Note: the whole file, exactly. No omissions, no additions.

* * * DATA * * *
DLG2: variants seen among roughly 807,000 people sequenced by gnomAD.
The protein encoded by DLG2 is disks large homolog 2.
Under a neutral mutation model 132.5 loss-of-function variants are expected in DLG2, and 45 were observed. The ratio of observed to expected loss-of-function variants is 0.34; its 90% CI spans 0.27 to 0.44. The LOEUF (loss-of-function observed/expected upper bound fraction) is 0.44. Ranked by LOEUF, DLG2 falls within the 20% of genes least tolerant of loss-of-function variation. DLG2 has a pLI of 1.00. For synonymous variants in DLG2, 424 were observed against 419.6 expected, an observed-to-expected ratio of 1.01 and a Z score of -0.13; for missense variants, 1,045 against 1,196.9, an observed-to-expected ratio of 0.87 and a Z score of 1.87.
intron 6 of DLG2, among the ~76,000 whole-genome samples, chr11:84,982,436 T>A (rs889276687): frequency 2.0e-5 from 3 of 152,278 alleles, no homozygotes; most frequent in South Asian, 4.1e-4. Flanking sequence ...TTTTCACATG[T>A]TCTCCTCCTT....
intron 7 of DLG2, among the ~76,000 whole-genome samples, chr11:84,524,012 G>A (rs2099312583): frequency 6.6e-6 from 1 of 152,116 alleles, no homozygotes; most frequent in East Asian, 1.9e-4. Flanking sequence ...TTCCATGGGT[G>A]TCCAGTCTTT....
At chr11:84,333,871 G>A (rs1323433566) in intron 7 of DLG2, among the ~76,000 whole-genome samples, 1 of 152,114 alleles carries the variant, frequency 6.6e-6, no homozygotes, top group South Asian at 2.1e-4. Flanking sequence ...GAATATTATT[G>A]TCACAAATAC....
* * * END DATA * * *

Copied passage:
DLG2: variants seen among roughly 807,000 people sequenced by gnomAD.
The protein encoded by DLG2 is disks large homolog 2.
Under a neutral mutation model 132.5 loss-of-function variants are expected in DLG2, and 45 were observed. The ratio of observed to expected loss-of-function variants is 0.34; its 90% CI spans 0.27 to 0.44. The LOEUF (loss-of-function observed/expected upper bound fraction) is 0.44. Ranked by LOEUF, DLG2 falls within the 20% of genes least tolerant of loss-of-function variation. DLG2 has a pLI of 1.00. For synonymous variants in DLG2, 424 were observed against 419.6 expected, an observed-to-expected ratio of 1.01 and a Z score of -0.13; for missense variants, 1,045 against 1,196.9, an observed-to-expected ratio of 0.87 and a Z score of 1.87.
intron 6 of DLG2, among the ~76,000 whole-genome samples, chr11:84,982,436 T>A (rs889276687): frequency 2.0e-5 from 3 of 152,278 alleles, no homozygotes; most frequent in South Asian, 4.1e-4. Flanking sequence ...TTTTCACATG[T>A]TCTCCTCCTT....
intron 7 of DLG2, among the ~76,000 whole-genome samples, chr11:84,524,012 G>A (rs2099312583): frequency 6.6e-6 from 1 of 152,116 alleles, no homozygotes; most frequent in East Asian, 1.9e-4. Flanking sequence ...TTCCATGGGT[G>A]TCCAGTCTTT....
At chr11:84,333,871 G>A (rs1323433566) in intron 7 of DLG2, among the ~76,000 whole-genome samples, 1 of 152,114 alleles carries the variant, frequency 6.6e-6, no homozygotes, top group South Asian at 2.1e-4. Flanking sequence ...GAATATTATT[G>A]TCACAAATAC....